6. House of Aama – Rebecca Henry and Akua ShabakaSource:Getty
Established in 2015, House of Aama is another fashion house presented by a mother-daughter team. A brand that “exists beyond just creating clothes,” according to clothing’s site, the brand looks to tell stories by informing the future from notes of the past. Guests of the House of Aama’s Spring/Summer collection were transported to “SALT WATER,” a fashionable resort inspired by the legacy of Black communities from the 1950s. Models were presented in the form of cultural characters and took on the personas of sailors and the water spirits of Yemaya, Olokun and Agwe, spiritual anchors of African traditions in the diaspora. Attire included vibrant colors and silky fabrics, shorts and polos, and printed swimwear perfect for a resort.
7. Junny Ann HibbertSource:Getty
Harlem designer Junny Ann Hibbert presented “Mama,” a collection paying homage to her mother in a fashion presentation marking her first time to be featured on the official New York Fashion Week calendar. While Hibbert joked her mother, Alex Melceta Johnson, would be “turning over in her grave” if she knew of her new collection and profession in fashion, Hibbert noted how each piece was created with her in mind. The debut collection included colorful silk dresses, capes and caftans, and vibrant bomber jackets. Hibbert proudly boasted catering to inclusive, unisex sizes and styling.
8. par Bronté LaurentSource:par Bronté Laurent
Brooklyn-based Bronté Laurent presented her fifth collection in the fashion world, Dear Sunday, with BIFC. Filled with neutral colors, feminine slip dresses and blouses, and light summery fabrics, Laurent’s collection is perfect for the “careful Black girl” looking for effortless fashion. After working in advertising and PR, Laurent started her label in 2017 in her Brooklyn apartment. According to an interview with Voyage, Laurent credits her roommate for teaching her how to sew, sample fabric, and help her discover her true passion in fashion.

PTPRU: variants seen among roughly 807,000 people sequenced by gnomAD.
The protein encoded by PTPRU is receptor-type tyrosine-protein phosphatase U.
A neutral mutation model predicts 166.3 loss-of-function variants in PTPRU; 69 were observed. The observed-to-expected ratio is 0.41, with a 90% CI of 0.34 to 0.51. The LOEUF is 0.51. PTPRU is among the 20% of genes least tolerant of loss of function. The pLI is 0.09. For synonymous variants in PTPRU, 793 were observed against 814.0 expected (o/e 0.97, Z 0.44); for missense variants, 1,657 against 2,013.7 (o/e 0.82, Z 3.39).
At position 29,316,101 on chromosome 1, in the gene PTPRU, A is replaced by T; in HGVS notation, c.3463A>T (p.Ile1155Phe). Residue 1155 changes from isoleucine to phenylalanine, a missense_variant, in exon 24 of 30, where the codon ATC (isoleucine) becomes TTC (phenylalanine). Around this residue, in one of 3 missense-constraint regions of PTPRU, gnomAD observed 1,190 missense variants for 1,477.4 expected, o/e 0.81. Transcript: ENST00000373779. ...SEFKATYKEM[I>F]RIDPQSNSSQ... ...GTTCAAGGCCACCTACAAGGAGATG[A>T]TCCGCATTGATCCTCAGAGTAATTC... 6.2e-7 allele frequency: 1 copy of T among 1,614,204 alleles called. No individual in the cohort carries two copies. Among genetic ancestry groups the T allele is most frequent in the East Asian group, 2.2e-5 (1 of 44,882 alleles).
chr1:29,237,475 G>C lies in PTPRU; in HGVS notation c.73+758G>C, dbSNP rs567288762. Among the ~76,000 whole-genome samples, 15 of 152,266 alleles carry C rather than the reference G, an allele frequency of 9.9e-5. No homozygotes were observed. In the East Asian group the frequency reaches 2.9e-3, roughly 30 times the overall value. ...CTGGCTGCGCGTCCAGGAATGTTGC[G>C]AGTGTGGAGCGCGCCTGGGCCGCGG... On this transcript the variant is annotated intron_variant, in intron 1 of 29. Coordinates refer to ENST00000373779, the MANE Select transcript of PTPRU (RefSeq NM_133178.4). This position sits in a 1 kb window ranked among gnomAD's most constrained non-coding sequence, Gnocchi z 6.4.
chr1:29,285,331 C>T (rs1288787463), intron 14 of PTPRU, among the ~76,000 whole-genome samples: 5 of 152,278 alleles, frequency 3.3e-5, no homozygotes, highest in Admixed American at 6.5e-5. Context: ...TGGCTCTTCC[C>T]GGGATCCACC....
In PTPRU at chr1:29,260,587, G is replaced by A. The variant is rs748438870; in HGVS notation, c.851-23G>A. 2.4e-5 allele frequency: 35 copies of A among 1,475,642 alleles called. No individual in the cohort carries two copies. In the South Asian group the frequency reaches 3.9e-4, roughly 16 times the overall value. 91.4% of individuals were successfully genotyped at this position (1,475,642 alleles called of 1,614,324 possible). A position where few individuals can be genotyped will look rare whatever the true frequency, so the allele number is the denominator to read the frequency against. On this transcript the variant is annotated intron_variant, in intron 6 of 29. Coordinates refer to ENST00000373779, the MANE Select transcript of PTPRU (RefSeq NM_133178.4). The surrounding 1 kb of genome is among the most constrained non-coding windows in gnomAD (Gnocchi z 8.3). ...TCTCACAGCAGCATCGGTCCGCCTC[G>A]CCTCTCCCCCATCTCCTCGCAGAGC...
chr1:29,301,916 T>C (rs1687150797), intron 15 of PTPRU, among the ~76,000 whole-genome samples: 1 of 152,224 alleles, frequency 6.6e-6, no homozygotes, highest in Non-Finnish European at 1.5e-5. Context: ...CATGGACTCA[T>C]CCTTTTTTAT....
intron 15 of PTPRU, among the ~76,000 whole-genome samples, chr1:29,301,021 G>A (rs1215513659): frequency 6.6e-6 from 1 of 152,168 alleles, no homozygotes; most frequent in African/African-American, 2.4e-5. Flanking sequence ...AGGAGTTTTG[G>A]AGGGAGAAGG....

9. Letesha Renee – Eugene TaylorSource:Getty
Committed to showing the contributions of Black women in fashion, designer Letesha Renee told HelloBeautiful that she’s been wanting to be a designer for as long as she can remember. So eventually she stopped just helping other people and started also working toward her own dreams. In 2015, Eugene Taylor, a unisex design house was born. Part of BIFC, the Eugene Taylor Brand presented a Spring/Summer collection called Resilience. Offering trendy, genderless designs in both body hugging and oversized cuts, the collection celebrated the diversity and creativity within fashion.
10. Marrisa WilsonSource:Getty
Born and raised in New Jersey, Marrisa Wilson is a first-generation Guyanese-American designer committed to leaving her mark in the fashion world and the Black community. It’s no surprise that her Spring/Summer collection was multifaceted – drawing parallels between the 1960s Space Age and current technological advances due to COVID and inspired by the spirit of Motown, the Civil Rights Movement, and Black Lives Matter. Pieces included prints hand drawn by the designer, futuristic silhouettes, bold colors and patterns, and bucket hats. As described on NYFW.com, Wilson looked to tell a story of “a new, wild, digital age in order to ensure that Black people, women, and women of color are able to have access in participating and shaping what the future can look like.”
11. Studio 189Source:Getty
Co-founded by actress Rosario Dawson and Abrima Erwiah, Studio 189 is a luxury fashion brand headquarted in Accra, Ghana. The brand is known for its African and African-inspired content and clothing and supports various community projects in Africa and the United States. In other words, real life “Wakanda Forever.” Realizing the impact COVID has had on the fashion industry – and recognizing the importance of international textiles and merchandising – Dawson and Erwiah used traditional techniques in creating “Inheritance,” its Spring/Summer collection. Techniques include hand-weaving, patchworking, and natural indigo dyeing, and recycled cotton and upcycled denim from second-hand clothing sent to Ghana.